We've reached the point with “second screen” viewing where the term itself may even be outdated. Most U.S. consumers today use a mobile device while simultaneously watching television – only 12 percent of tablet users and 14 percent of smartphone users are the exception, according to Nielsen
. Is it time to just accept that there's no longer anything "secondary" about these non-TV screens?
Mobile devices have transformed television viewing from a passive one-way experience, to one that brings fellow consumers into our living rooms, with whom we can constantly interact and engage. Users now expect to be offered a second screen experience.
Yet, the possibilities for augmented TV viewing are not limited by creative ambition, but rather by the back-end development of the mobile applications that make the experience possible. How can these applications deliver rich, real-time experiences while scaling to millions of TV viewers, even in the face of fluctuating user demand and connectivity challenges? After all, if a second screen app isn’t fast enough for speed-hungry consumers, or breaks sometime during the 30 or 60 minutes viewers are watching a program, it’s going to be quickly deleted from their devices.
The Wild West of Second Screen Apps
It’s one thing to check your phone during your commute to work or when waiting for an appointment, but Americans now stay connected to their mobile networks even during downtime activities. In fact, about 50 million smartphone and tablet users are engaging with second screen content at least once a day.
Technology has reached a level of cultural immersion that has transformed today’s consumers into digital connoisseurs who are able to constantly engage with brands and media. Five years ago, Ellen DeGeneres' Oscars selfie would not have received a record number of retweets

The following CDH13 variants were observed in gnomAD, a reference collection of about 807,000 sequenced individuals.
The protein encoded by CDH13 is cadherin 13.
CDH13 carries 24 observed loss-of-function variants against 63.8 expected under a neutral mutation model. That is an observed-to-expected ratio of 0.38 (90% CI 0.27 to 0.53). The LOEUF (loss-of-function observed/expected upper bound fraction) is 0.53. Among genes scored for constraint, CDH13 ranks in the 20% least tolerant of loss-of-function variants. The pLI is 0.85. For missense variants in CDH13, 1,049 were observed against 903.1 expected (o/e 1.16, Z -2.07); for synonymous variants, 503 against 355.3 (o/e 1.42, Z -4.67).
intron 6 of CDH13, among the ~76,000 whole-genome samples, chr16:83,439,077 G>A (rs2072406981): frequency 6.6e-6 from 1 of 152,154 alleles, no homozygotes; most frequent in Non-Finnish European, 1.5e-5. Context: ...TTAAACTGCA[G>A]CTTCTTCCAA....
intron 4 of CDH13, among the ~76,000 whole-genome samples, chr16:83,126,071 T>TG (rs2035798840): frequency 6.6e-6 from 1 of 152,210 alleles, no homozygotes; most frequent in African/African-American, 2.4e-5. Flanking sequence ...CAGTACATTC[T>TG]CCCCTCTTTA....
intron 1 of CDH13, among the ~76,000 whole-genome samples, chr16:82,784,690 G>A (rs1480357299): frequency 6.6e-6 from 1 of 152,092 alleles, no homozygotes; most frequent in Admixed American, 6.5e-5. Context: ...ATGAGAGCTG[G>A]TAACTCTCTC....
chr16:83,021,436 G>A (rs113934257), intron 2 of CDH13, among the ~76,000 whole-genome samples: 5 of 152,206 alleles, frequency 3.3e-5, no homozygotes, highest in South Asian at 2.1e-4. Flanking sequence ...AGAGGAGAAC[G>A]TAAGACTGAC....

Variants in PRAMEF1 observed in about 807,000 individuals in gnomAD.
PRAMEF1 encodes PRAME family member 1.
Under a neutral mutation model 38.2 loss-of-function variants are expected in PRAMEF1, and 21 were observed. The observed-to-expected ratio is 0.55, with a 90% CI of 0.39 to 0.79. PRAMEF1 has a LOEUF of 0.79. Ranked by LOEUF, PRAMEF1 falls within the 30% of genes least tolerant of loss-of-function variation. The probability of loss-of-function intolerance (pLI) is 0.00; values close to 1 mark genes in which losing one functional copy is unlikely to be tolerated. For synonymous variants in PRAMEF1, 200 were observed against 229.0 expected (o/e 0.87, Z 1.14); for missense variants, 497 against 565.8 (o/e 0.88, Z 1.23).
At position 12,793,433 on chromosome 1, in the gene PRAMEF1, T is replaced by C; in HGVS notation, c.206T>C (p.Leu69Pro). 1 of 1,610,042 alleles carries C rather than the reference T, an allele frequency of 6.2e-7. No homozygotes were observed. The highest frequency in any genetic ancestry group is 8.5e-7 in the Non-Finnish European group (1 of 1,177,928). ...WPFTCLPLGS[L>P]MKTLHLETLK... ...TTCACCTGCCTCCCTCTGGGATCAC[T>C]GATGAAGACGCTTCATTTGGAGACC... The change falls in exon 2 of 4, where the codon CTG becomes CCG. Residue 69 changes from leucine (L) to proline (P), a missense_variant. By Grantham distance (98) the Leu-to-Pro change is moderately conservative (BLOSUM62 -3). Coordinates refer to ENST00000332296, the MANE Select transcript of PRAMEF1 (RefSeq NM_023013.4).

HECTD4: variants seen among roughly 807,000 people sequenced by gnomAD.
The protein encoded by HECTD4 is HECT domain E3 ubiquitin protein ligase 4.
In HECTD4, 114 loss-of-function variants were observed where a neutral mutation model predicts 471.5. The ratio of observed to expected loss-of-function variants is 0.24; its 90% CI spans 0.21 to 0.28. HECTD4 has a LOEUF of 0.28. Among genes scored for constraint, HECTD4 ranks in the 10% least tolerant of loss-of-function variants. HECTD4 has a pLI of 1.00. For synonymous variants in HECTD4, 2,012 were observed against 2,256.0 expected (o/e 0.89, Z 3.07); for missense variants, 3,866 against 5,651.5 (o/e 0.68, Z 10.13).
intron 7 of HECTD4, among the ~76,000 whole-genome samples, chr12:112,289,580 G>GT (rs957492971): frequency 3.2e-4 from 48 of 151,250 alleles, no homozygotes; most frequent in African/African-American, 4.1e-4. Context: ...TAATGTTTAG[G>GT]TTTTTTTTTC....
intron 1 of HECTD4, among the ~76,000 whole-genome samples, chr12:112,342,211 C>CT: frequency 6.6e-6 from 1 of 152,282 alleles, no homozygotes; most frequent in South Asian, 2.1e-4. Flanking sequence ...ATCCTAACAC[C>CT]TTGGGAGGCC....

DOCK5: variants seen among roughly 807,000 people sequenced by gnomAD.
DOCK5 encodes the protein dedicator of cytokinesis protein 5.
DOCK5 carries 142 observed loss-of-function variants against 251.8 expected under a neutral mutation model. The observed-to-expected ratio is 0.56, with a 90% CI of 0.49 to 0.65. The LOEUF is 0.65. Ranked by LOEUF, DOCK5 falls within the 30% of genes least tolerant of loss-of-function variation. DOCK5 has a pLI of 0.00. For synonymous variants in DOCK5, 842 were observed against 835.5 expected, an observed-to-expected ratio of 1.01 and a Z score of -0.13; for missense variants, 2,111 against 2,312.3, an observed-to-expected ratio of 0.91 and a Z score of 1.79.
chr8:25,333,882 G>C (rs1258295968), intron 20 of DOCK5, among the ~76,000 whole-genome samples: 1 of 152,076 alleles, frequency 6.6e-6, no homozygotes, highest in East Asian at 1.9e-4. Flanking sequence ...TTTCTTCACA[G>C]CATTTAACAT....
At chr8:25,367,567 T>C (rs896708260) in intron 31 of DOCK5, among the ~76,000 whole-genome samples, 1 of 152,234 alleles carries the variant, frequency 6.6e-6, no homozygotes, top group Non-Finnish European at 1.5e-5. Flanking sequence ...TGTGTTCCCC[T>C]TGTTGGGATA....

, Oreo's Super Bowl "Dunk in the Dark" tweet wouldn't have gained them an additional 33,000+ Instagram followers, and “American Idol” wouldn't have been able to use Facebook voting data to give viewers real-time contestant rankings during a broadcast.
Because of the popularity of second screens, everyone has an app for enhanced TV viewing – mainstays like Facebook and Twitter; some prominent social platforms you might not expect like the "Project Runway"-supported Pinterest, or the expanding i.TV; television networks like AMC’s Story Sync app and NBC’s Winter Olympics app; and even cable and Internet providers that have tried to monetize second screen interactions.
Yet, despite this fragmentation, there’s one unifying factor all second-screen providers need to focus on – ensuring the scalability, reliability and speed of their apps. Second screen is second nature for TV viewers, and they’ve used them so often that they know how these apps should function. So, if an app fails to load quickly or shuts down unexpectedly, due to an overtaxed network or some other performance issue, users will simply find another one to occupy their need for multiple screens.
All of this can be avoided, though, if mobile app developers are able to meet the technical challenges that hinder scalability, reliability and speed.
The Downtime Downside
As with anything that becomes exceedingly popular in a short amount of time, second screen applications do not always perform perfectly.
Anyone who has ever checked their fantasy football team from their tablet while watching a full slate of Sunday afternoon NFL games knows the frustration of seeing your running back rush into the endzone, but not knowing whether that touchdown helped you win your matchup because your app didn’t update. It’s easy to understand why this happens so frequently – the application was driven beyond its capacity.